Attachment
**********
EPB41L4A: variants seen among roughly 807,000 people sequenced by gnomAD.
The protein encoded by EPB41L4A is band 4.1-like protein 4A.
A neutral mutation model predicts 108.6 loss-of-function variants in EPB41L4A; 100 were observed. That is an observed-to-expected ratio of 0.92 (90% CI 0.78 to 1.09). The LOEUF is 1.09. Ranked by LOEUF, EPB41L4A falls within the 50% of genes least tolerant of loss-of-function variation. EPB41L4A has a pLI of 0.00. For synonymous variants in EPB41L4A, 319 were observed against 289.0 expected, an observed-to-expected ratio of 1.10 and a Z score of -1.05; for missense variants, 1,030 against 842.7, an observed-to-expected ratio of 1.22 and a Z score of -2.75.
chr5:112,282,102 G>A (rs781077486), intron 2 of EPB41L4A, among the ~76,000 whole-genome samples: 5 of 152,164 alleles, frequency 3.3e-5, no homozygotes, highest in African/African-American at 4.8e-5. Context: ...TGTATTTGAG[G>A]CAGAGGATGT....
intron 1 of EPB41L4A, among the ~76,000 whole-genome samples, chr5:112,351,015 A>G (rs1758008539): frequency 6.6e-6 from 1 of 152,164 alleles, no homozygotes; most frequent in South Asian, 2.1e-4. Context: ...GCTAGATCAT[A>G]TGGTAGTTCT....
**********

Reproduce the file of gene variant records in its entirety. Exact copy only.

EPB41L4A: variants seen among roughly 807,000 people sequenced by gnomAD.
The protein encoded by EPB41L4A is band 4.1-like protein 4A.
A neutral mutation model predicts 108.6 loss-of-function variants in EPB41L4A; 100 were observed. That is an observed-to-expected ratio of 0.92 (90% CI 0.78 to 1.09). The LOEUF is 1.09. Ranked by LOEUF, EPB41L4A falls within the 50% of genes least tolerant of loss-of-function variation. EPB41L4A has a pLI of 0.00. For synonymous variants in EPB41L4A, 319 were observed against 289.0 expected, an observed-to-expected ratio of 1.10 and a Z score of -1.05; for missense variants, 1,030 against 842.7, an observed-to-expected ratio of 1.22 and a Z score of -2.75.
chr5:112,282,102 G>A (rs781077486), intron 2 of EPB41L4A, among the ~76,000 whole-genome samples: 5 of 152,164 alleles, frequency 3.3e-5, no homozygotes, highest in African/African-American at 4.8e-5. Context: ...TGTATTTGAG[G>A]CAGAGGATGT....
intron 1 of EPB41L4A, among the ~76,000 whole-genome samples, chr5:112,351,015 A>G (rs1758008539): frequency 6.6e-6 from 1 of 152,164 alleles, no homozygotes; most frequent in South Asian, 2.1e-4. Context: ...GCTAGATCAT[A>G]TGGTAGTTCT....